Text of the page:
Because it is raising rates, Netflix will lose 480,000 subscribers over the next few months! Shock!
But because of the same rate hits, its revenue will rise by $520 million, according to new research by Nomura Securities.
I suppose it's prudent for financial analysts to present stats like that. I’d bet that subscription drain will never come close to 480,000.
Other research lately has suggested viewers would pay a lot more for stuff they want to watch online. At the OTT Video Executive Summit last week, consumer panelists indicated they’d pay $2 to $15 more per episode for streaming video they want to see. That’s anecdotal, and crazy, but some bit of it is true when it comes to Netflix, which is absolutely beloved by its subscribers.
They’re not going anywhere because their monthly subscription is going up a buck or two.
In a report for BRaVe Ventures, I wrote about last week, Alan Wolk opined: “Given the wide array of TV shows and movies Netflix has available, we think the subscription price can go up to $20/month, and it will still seem like quite the bargain.”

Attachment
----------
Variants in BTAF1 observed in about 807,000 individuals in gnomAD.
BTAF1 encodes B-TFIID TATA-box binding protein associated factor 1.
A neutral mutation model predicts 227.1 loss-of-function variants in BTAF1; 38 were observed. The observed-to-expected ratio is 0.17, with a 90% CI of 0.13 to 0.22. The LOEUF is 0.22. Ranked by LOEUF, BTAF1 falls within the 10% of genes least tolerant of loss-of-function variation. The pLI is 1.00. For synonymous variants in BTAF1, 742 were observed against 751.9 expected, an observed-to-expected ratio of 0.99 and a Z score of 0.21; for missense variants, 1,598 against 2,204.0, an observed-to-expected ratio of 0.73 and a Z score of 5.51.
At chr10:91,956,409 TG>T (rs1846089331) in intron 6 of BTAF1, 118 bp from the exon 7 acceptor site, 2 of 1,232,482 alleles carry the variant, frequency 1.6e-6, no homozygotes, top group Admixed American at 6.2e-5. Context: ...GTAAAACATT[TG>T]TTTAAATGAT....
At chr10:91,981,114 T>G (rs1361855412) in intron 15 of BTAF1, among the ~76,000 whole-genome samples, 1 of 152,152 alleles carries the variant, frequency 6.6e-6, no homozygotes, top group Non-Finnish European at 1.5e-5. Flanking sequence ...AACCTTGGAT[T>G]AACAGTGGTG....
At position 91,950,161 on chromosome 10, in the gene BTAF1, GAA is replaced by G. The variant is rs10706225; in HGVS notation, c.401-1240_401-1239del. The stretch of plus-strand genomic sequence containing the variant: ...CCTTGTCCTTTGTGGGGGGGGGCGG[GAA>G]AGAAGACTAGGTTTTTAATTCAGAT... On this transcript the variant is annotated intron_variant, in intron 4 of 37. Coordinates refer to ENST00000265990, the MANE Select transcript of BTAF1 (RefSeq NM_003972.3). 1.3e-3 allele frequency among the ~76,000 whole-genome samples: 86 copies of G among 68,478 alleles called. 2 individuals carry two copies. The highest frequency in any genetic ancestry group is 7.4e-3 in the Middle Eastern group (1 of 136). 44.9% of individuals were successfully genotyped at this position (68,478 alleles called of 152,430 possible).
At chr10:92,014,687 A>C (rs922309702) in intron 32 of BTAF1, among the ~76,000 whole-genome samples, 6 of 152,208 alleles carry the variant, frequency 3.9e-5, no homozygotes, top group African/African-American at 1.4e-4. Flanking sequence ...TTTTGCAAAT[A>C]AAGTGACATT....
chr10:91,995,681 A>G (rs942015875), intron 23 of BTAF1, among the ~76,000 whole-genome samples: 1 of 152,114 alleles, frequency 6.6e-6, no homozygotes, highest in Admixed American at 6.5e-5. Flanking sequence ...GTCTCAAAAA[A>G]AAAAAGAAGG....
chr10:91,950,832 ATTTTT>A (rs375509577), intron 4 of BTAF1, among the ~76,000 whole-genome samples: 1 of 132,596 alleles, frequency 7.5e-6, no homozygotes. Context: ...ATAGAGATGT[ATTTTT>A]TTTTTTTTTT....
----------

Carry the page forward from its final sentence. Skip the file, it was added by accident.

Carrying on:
Starting soon, about 22 million Netflix subscribers in the U.S. who are longtime subscribers and were grandfathered from rate hikes others paid, will begin seeing their bills go up. And that, Nomura says, will lead to the 480,000 defections.
That’s a piddling amount, really, but I’d bet it’s still less than will really happen.
Netflix delivers value to subscribers and fawning press lets its subscribers know it. In the first quarter, Netflix said it has $12.3 billion in programming obligations, which is 73% ahead of two years ago.
The stream of new shows, and the stream of performers and producers singing Netflix’s glories, keeps the customers satisfied.
“Netflix gets better with every passing month, something that can't be said of most cable or satellite television platforms that push out bigger annual increases on a dollar basis,” Motley Fool says in an article titled “You’re Not Quitting Over The Price Hike, So Get Over It.”
That is one of the neat perceptive tricks about streaming in its baby years. Paying $10 or $11 a month for streaming services, even when multiplied by three or four services, seems like chicken feed compared to the cable rates, which rise mysteriously and often.Cable rates have gone up 8% a year since 2010, says one study from the Leichtman Research Group. Meantime, Netflix basks in this video era of good feeling. Even as Netflix subscription growth slows, its lock on the market is absolute.